Travel writing is one of the most misunderstood, and romanticised, jobs on the planet. That’s where this three-part Masterclass series comes in. To shine a light into its dimly lit corners, correct a few misconceptions about travel writing (and writers) and hopefully inspire you to write about your travels.
As I see it, travel writing is the lovechild of journalism and creative writing. Of course there are as many ways to write as there are travel writers, but the best stories have a spark that makes you just want to keep reading.
Before we get onto crafting a travel story, remember that great travel writing is great writing, period (as they say in America). It’s clear, every word pulls its weight and it takes you somewhere (and not just to a destination).
The “Big Five” of travel writing
There are five common kinds of travel story that can help you make sense of your travel notes, each with a built-in structure:
- Lists and “roundups”. These showcase a selection of experiences or destinations sharing a common theme. Quirky, odd-numbered lists such as “21 reasons you should live in Berlin” and “29 Insta-worthy places to go” are increasingly popular, particularly online, but the Top 10 is a classic that never goes out of style.
- City guides and hotel reviews. These stories are usually short and written to a template set by the publication such as “48 hours in…” or a “Three-minute guide to…”.
- Journey stories. If your trip takes you from A to B, whether by road or camel train, on foot or by cargo ship, the journey is your structure. That is, you can write about it roughly from start to finish, condensing some bits and expanding on others to create interest. A word of warning: diary-style stories are generally easy to write, but can be boring to read unless there’s a reason you’re writing in a day-by-day format.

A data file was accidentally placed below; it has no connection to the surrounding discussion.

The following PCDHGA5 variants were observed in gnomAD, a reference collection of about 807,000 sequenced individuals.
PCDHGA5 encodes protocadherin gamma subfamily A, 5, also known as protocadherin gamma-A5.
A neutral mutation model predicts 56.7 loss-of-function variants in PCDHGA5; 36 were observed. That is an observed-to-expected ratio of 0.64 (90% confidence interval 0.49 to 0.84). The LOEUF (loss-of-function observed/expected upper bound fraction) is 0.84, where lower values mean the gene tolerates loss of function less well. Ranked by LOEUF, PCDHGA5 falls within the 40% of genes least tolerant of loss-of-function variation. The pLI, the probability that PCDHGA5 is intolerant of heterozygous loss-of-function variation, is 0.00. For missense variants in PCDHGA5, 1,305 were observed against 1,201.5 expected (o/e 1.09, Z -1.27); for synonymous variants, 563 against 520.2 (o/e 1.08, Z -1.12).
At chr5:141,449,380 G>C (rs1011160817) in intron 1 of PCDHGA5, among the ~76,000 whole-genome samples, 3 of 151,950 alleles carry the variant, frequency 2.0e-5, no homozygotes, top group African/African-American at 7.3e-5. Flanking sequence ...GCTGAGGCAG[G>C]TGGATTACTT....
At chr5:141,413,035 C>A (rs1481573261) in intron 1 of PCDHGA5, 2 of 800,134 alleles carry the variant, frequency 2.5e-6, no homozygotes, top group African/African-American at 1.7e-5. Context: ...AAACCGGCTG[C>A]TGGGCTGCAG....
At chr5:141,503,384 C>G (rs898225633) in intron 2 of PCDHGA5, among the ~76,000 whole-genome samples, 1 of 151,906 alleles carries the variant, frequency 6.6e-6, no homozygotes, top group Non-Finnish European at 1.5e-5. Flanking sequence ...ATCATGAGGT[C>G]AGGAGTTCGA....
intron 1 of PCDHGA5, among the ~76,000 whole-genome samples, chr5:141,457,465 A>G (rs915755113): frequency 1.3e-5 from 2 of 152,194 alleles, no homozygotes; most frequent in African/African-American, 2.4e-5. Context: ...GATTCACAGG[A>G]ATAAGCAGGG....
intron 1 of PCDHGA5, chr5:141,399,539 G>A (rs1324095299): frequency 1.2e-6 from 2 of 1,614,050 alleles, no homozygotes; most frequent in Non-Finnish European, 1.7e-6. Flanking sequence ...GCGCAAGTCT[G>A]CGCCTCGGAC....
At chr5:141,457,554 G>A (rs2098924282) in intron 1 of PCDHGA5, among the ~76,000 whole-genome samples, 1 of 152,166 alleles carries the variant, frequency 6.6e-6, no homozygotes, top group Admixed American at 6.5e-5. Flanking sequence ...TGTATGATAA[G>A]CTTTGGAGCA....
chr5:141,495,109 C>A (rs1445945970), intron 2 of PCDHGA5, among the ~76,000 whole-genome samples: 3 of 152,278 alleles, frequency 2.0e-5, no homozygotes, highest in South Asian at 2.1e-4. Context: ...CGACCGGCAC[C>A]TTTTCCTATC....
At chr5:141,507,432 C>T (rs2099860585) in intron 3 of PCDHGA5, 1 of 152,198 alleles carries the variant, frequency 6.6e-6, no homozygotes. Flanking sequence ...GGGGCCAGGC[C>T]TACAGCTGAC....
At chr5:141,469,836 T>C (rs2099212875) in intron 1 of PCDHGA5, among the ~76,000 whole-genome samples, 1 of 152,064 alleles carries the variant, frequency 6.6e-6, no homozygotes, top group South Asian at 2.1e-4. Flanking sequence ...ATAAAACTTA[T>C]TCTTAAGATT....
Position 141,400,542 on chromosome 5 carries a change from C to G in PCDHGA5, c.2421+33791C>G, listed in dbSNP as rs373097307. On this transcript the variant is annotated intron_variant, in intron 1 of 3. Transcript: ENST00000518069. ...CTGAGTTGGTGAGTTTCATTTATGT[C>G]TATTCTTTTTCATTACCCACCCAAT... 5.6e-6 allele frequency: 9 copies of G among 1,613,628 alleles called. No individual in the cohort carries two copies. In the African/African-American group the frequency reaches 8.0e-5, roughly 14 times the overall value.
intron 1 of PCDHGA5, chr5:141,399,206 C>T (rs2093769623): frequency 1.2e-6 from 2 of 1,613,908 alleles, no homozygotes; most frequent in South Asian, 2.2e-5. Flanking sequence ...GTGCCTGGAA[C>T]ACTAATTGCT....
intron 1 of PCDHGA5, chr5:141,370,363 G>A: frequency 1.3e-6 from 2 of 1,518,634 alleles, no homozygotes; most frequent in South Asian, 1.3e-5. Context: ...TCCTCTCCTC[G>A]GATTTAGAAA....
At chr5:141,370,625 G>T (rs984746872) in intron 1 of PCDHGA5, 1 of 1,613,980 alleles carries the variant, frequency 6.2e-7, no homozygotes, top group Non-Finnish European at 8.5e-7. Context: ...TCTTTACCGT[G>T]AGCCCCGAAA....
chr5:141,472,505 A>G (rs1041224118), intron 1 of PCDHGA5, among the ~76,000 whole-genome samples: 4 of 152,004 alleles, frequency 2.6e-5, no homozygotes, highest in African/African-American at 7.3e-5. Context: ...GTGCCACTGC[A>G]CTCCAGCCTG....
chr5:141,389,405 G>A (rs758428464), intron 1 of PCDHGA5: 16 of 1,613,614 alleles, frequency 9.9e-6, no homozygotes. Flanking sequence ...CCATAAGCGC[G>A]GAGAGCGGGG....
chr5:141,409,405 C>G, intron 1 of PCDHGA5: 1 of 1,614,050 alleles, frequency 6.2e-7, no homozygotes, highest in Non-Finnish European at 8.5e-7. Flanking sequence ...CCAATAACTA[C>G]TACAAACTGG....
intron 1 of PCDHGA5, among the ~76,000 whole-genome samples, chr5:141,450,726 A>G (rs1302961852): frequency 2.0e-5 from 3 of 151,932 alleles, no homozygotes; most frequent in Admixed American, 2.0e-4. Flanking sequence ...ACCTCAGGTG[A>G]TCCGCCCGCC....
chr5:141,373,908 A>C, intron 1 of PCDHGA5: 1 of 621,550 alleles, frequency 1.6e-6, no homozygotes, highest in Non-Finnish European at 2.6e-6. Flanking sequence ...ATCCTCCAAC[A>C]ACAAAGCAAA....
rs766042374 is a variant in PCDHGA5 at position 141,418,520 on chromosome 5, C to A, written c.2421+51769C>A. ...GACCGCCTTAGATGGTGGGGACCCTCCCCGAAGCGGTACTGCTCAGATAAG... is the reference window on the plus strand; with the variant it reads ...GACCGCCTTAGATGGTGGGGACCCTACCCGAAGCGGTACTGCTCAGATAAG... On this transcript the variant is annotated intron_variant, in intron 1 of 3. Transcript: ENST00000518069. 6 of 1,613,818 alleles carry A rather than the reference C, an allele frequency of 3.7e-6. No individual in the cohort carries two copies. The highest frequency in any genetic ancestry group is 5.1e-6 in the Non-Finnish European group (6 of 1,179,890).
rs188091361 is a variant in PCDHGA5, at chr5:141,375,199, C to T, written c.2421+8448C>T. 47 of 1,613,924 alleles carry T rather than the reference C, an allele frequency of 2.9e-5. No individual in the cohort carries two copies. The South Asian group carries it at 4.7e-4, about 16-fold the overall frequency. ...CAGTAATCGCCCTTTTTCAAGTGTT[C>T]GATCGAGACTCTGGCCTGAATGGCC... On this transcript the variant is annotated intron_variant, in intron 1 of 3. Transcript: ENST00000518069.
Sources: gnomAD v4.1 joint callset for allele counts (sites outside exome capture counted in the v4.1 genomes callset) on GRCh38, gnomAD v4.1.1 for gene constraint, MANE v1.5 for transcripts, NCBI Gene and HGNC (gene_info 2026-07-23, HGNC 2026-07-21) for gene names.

- Stories with sub-heads. Sub-headings help you structure a longer feature, organising your ideas into clusters. Breakout boxes are also handy, a good place for information that might otherwise break the flow of the main story.
- How-to stories: Don’t forget destination-less travel stories such as “How to” and stories based on issues or travel trends.
Finding story angles
The sixth kind of travel story is a feature, which requires an angle or theme. That is, you have to know what the story is about. Finding good angles comes with practice, but here are a few ways to nose them out:
- Know who you’re writing for. Getting to know the publication and its readers can help you know what they want to know. What interests them? What can you tell them about this destination?
- “How was your trip?” What’s the first thing you told your friends and family members, or posted on Facebook, after your last trip? It could be something that surprised you, something you loved, something that happened to you, even something you know people back home might find interesting. Whatever it is, it could become the backbone of your story or at the very least the hook you start it with.
- Just write. Sometimes the best way to find out what your story is about is to start writing and see where that takes you. Other times it helps to write down all the main ideas you want to include in a kind of mind-map. Different stories often require different strategies.
- Mind-travel back. Read through your notes, look at your photos, take some time to think about the trip and jot down any themes or highlights you might be able to string together into a story.
- Narrow your focus. Don’t try to cover too much in one story. Instead of writing about the San Francisco food scene, for instance, write about the foods unique to San Francisco (like fortune cookies; who knew they were invented in San Francisco’s Chinatown?).
Once upon a time: The hook
The next most important part of the story is how it starts. This is where you “hook” the reader and make her want to keep reading, so it pays to spend more time crafting that first sentence or two.